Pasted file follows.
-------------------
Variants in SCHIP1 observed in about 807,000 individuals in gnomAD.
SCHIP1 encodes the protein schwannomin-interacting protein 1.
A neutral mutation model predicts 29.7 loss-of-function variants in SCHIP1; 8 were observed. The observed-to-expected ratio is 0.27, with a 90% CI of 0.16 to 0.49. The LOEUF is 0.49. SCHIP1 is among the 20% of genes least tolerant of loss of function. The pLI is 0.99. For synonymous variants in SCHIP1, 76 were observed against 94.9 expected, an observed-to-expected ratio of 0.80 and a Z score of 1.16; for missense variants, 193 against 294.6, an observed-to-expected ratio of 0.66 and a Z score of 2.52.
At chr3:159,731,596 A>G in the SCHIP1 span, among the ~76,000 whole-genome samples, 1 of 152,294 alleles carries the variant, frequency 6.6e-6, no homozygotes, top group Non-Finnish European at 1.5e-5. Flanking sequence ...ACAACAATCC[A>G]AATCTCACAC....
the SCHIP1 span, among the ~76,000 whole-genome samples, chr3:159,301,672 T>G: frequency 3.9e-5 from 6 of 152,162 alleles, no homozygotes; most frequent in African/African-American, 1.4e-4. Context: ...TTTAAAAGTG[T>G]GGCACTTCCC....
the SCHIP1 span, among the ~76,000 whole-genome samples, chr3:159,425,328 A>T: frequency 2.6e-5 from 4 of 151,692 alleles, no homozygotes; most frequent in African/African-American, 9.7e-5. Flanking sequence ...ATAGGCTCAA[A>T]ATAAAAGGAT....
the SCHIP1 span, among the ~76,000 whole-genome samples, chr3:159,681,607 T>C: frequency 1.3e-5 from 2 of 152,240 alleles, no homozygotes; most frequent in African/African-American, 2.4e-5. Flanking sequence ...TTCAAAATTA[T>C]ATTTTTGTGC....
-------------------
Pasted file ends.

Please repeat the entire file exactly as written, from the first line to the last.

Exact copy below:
Variants in SCHIP1 observed in about 807,000 individuals in gnomAD.
SCHIP1 encodes the protein schwannomin-interacting protein 1.
A neutral mutation model predicts 29.7 loss-of-function variants in SCHIP1; 8 were observed. The observed-to-expected ratio is 0.27, with a 90% CI of 0.16 to 0.49. The LOEUF is 0.49. SCHIP1 is among the 20% of genes least tolerant of loss of function. The pLI is 0.99. For synonymous variants in SCHIP1, 76 were observed against 94.9 expected, an observed-to-expected ratio of 0.80 and a Z score of 1.16; for missense variants, 193 against 294.6, an observed-to-expected ratio of 0.66 and a Z score of 2.52.
At chr3:159,731,596 A>G in the SCHIP1 span, among the ~76,000 whole-genome samples, 1 of 152,294 alleles carries the variant, frequency 6.6e-6, no homozygotes, top group Non-Finnish European at 1.5e-5. Flanking sequence ...ACAACAATCC[A>G]AATCTCACAC....
the SCHIP1 span, among the ~76,000 whole-genome samples, chr3:159,301,672 T>G: frequency 3.9e-5 from 6 of 152,162 alleles, no homozygotes; most frequent in African/African-American, 1.4e-4. Context: ...TTTAAAAGTG[T>G]GGCACTTCCC....
the SCHIP1 span, among the ~76,000 whole-genome samples, chr3:159,425,328 A>T: frequency 2.6e-5 from 4 of 151,692 alleles, no homozygotes; most frequent in African/African-American, 9.7e-5. Flanking sequence ...ATAGGCTCAA[A>T]ATAAAAGGAT....
the SCHIP1 span, among the ~76,000 whole-genome samples, chr3:159,681,607 T>C: frequency 1.3e-5 from 2 of 152,240 alleles, no homozygotes; most frequent in African/African-American, 2.4e-5. Flanking sequence ...TTCAAAATTA[T>C]ATTTTTGTGC....